Family dinner is one of the strongest memories from my childhood. It exists in blurred, indelible layers, the result of hundreds of nights when the four of us sat around the old wooden table in my parents’ kitchen. We used place mats (changed out with the seasons) and sturdy white plates rimmed in blue or green. We ate burritos and spaghetti and baked chicken, brown-sugar-glazed ham with green beans and buttery mashed potatoes. In the winter, Mom made hearty chili or chicken-cheese soup. When it was Dad’s turn to cook, sometimes we had breakfast for dinner.
Those dinners were our chance to come back together, to catch up on each other’s days. We told funny stories or complained about homework; we teased or argued, and always, we laughed. We always sat in the same seats (we still do, when I’m home); we always joined hands, bowed heads and gave thanks. And no matter how late my band rehearsal or my sister’s golf practice went, we waited to eat together.
Since I got married, I have begun to understand why my mother, in particular, fought so hard for family dinner during all those years. I work in a different town than my husband does; we rarely see one another during the workday, though we always make time for a quick phone call to catch up. He works several evenings a week, because marriage and family therapy is not a nine-to-five gig. In these days of mismatched schedules, I have become nearly fanatical about family dinner.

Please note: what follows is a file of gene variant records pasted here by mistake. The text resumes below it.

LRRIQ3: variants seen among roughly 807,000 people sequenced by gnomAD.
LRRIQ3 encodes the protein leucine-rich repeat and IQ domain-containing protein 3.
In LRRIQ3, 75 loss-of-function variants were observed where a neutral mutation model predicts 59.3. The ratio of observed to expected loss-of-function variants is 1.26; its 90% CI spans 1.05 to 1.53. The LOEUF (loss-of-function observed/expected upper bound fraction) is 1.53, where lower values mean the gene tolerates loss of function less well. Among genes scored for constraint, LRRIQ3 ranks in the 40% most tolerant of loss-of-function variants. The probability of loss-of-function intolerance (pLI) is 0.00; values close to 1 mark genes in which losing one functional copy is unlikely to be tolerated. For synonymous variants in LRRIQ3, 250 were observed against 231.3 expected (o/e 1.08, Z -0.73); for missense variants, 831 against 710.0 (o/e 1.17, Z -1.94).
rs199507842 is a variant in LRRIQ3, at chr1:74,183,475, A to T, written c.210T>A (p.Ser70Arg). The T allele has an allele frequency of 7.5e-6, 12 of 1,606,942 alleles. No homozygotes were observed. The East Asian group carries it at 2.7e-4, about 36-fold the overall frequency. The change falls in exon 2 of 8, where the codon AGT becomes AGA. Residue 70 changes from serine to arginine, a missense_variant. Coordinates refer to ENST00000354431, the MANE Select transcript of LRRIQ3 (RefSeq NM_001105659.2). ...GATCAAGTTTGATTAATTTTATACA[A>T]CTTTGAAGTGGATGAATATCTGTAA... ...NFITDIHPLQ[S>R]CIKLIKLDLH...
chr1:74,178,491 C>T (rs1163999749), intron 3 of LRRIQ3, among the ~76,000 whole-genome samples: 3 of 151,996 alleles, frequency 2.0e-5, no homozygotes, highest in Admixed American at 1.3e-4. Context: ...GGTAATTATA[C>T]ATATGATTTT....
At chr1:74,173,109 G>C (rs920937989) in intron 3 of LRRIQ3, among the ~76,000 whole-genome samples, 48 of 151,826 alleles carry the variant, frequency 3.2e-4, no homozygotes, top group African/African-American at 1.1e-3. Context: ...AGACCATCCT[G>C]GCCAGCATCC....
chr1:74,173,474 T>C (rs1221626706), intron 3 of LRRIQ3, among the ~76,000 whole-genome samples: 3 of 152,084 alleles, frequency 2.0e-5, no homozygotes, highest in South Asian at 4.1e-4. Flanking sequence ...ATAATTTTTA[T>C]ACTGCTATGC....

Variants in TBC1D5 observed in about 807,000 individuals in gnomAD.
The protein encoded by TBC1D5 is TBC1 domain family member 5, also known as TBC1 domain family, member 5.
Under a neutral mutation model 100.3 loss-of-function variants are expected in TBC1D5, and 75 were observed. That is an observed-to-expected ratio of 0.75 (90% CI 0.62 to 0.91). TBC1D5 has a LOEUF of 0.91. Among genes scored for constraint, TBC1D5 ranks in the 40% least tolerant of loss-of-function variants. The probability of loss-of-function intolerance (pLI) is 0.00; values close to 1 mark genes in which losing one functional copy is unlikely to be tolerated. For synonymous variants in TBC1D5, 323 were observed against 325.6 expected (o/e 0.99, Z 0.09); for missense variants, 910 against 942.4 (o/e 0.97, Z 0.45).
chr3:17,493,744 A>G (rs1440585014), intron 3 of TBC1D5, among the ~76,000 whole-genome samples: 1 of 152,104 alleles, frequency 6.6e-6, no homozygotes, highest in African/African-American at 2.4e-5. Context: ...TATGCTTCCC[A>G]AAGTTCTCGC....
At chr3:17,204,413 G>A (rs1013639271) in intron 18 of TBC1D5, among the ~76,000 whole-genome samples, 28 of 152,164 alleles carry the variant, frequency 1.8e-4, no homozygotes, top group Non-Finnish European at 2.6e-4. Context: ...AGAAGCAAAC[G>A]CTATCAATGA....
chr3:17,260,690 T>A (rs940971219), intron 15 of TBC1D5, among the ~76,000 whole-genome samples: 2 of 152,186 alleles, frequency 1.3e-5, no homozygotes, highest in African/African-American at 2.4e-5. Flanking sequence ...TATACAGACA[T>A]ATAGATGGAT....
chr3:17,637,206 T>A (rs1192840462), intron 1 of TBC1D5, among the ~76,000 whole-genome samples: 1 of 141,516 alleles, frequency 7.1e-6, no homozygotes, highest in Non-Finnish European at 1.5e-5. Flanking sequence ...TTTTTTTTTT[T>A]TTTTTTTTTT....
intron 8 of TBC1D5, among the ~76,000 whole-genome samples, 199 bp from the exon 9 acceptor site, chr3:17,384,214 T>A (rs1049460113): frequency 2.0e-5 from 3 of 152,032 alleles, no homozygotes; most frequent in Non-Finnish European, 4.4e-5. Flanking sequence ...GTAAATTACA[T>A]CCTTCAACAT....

We plan out a rough menu for the week on Saturday or Sunday, based on how late he’s expecting to work each night. We go to the grocery store together, pushing the cart up and down the familiar aisles, grabbing an extra jar of salsa or box of pasta. We cook the simple, tasty meals we both love: pasta with veggies and goat cheese, my regular rotation of soups, chicken-mango curry, store-bought pizza crust topped with varying ingredients. And burritos (always burritos).
Sometimes he does dinner prep before leaving for work, turning on the Crock-Pot or chopping veggies or chicken and leaving them in the fridge for me. If he’s working really late, I cook and eat alone, making enough for two and sitting at the table with him when he comes home, hungry and tired. My favorite nights are the ones when we cook together, sliding past each other in the kitchen, the movements of this dance practiced and fluid after nearly six years.
I often wish we could have dinner together every night, that our schedules were as steady and consistent as my family’s was for much of my childhood. We live in a larger city, our lives swayed by unpredictable urban rhythms, so that family dinner is not always the constant I would like it to be. But no matter how crazy the weeks get, after a few frazzled nights or a few solo meals of leftover pasta or “single cuisine” eggs, we come back to the table, together.
Inspired in part by Lindsey’s recent post about family dinner.